Football's winningest coach, John McKissick, dies at 93


Nov. 29 (UPI) — John McKissick, the winningest football coach in the country, has died at 93.

McKissick posted a career record of 621-155-13 at Summerville High School in Summerville, S.C., the most wins for a football coach at any level. Dorchester County coroner Paul Brouthers told The Post and Courrier and WCSC-TV that McKissick died Thursday in his home after being in hospice care.

“Remembering Coach McKissick — what a legend,” Summerville High School wrote on Facebook. “We will miss you, Coach! Thank you for impact on thousands of young people in our community over the years. Always and Forever a Green Wave.”

McKissick won 10 state championships, with his last South Carolina title coming in 1998. He became the first coach to reach 500 wins in 2003 before winning his 600th game in 2012. He retired in 2014 after 62 seasons.

“He was an inspiration to everyone who had the opportunity to play for him,” University of South Carolina tight dnd and Summerville High School alum Chandler Ferrell told WCSC-TV. “He did a lot for me and for Summerville High School and we are gonna miss him like crazy.”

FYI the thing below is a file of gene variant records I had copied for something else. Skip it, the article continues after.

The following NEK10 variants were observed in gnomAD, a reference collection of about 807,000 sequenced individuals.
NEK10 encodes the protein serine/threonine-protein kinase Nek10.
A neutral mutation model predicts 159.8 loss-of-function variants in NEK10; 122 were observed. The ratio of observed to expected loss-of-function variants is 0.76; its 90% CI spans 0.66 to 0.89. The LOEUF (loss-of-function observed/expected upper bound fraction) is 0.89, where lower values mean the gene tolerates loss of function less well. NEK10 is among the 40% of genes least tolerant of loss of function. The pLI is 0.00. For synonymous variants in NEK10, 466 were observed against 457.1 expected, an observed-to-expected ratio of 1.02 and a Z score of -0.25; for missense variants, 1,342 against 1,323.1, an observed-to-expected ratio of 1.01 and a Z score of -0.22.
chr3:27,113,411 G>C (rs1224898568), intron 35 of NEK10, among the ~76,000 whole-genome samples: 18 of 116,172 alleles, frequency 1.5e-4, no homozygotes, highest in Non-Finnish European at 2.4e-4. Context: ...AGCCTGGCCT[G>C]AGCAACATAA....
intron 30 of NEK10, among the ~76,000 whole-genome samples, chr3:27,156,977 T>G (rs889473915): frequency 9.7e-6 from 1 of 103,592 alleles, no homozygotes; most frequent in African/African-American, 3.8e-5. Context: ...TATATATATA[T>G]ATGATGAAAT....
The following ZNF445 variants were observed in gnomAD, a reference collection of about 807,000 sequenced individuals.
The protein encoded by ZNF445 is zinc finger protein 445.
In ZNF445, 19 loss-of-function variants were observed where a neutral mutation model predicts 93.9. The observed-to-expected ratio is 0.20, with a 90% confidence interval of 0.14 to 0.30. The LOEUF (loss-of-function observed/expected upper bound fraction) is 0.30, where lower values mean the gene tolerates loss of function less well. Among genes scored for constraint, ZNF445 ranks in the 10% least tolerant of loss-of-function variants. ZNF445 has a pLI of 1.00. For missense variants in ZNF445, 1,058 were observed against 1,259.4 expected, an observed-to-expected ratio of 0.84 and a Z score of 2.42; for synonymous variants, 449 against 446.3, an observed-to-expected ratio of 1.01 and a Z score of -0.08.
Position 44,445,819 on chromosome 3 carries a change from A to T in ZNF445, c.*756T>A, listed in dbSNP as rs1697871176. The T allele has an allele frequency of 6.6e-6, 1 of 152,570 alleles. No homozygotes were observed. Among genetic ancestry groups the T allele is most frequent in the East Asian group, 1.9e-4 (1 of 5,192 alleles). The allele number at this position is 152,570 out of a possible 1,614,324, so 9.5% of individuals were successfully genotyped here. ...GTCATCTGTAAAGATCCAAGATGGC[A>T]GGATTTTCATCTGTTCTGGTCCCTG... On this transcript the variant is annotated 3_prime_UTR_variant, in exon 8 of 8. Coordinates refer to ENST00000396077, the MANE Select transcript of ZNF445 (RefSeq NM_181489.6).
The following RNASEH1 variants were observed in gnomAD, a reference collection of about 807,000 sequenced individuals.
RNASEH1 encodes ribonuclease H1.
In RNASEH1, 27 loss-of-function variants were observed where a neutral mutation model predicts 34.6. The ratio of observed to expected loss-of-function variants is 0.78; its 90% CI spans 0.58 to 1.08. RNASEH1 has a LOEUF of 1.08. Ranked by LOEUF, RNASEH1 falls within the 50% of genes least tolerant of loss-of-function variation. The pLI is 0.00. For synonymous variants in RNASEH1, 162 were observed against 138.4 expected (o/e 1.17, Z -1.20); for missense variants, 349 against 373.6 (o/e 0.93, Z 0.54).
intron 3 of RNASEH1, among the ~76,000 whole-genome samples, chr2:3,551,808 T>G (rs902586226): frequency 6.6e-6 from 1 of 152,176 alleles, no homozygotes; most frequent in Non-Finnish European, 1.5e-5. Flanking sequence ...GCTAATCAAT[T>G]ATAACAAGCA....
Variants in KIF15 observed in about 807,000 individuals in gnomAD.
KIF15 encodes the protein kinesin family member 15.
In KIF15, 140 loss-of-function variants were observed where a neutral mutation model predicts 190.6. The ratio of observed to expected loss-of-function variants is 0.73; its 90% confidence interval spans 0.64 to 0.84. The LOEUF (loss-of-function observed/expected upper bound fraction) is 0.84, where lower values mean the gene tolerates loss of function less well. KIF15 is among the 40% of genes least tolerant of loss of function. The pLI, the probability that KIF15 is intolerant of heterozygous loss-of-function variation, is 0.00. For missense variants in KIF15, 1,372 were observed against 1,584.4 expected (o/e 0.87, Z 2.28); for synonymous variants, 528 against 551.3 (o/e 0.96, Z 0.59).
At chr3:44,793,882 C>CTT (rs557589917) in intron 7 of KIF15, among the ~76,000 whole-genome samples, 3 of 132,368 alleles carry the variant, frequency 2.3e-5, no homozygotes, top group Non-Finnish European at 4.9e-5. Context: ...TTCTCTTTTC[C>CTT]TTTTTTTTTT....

McKissick was born Sept. 25, 1926, in Greenwood, S.C. He later attended Kingstree High School before serving as a paratrooper with the 82nd Airborne Division in World War II. He attended Brevard College and Presbyterian, where he graduated in 1951 with a degree in economics. He began his tenure coaching the Green Wave a year later.

“It’s a tremendous loss not only for the Summerville community, but the Lowcountry and the state of South Carolina,” former Stratford High School (S.C.) coach Ray Stackley told The Post and Courier.

“For guys like me, who coached against him for a lot of years, we became fierce competitors with him, but also tremendous friends. He and I have had a special friendship for a long, long time. It’s going to be hard to imagine the Lowcountry and Summerville football without John McKissick.”

McKissick was inducted into the South Carolina Athletic Hall of Fame in 2005.


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